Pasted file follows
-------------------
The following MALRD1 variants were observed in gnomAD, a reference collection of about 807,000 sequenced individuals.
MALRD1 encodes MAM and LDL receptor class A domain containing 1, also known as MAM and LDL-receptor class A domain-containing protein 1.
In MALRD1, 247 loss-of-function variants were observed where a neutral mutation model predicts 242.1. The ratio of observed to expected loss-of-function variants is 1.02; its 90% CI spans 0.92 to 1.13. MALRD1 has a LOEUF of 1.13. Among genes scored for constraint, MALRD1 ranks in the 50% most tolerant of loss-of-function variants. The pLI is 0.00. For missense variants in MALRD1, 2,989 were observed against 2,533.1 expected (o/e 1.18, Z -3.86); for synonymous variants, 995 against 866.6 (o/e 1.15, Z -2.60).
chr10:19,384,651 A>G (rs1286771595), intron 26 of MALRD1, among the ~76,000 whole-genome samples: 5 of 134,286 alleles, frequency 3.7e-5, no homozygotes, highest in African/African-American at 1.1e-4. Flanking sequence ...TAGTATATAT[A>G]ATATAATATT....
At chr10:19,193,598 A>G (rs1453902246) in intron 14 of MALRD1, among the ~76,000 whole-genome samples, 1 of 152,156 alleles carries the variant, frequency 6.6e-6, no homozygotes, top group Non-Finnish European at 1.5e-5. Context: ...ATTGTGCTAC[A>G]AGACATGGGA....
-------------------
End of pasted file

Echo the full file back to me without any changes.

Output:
The following MALRD1 variants were observed in gnomAD, a reference collection of about 807,000 sequenced individuals.
MALRD1 encodes MAM and LDL receptor class A domain containing 1, also known as MAM and LDL-receptor class A domain-containing protein 1.
In MALRD1, 247 loss-of-function variants were observed where a neutral mutation model predicts 242.1. The ratio of observed to expected loss-of-function variants is 1.02; its 90% CI spans 0.92 to 1.13. MALRD1 has a LOEUF of 1.13. Among genes scored for constraint, MALRD1 ranks in the 50% most tolerant of loss-of-function variants. The pLI is 0.00. For missense variants in MALRD1, 2,989 were observed against 2,533.1 expected (o/e 1.18, Z -3.86); for synonymous variants, 995 against 866.6 (o/e 1.15, Z -2.60).
chr10:19,384,651 A>G (rs1286771595), intron 26 of MALRD1, among the ~76,000 whole-genome samples: 5 of 134,286 alleles, frequency 3.7e-5, no homozygotes, highest in African/African-American at 1.1e-4. Flanking sequence ...TAGTATATAT[A>G]ATATAATATT....
At chr10:19,193,598 A>G (rs1453902246) in intron 14 of MALRD1, among the ~76,000 whole-genome samples, 1 of 152,156 alleles carries the variant, frequency 6.6e-6, no homozygotes, top group Non-Finnish European at 1.5e-5. Context: ...ATTGTGCTAC[A>G]AGACATGGGA....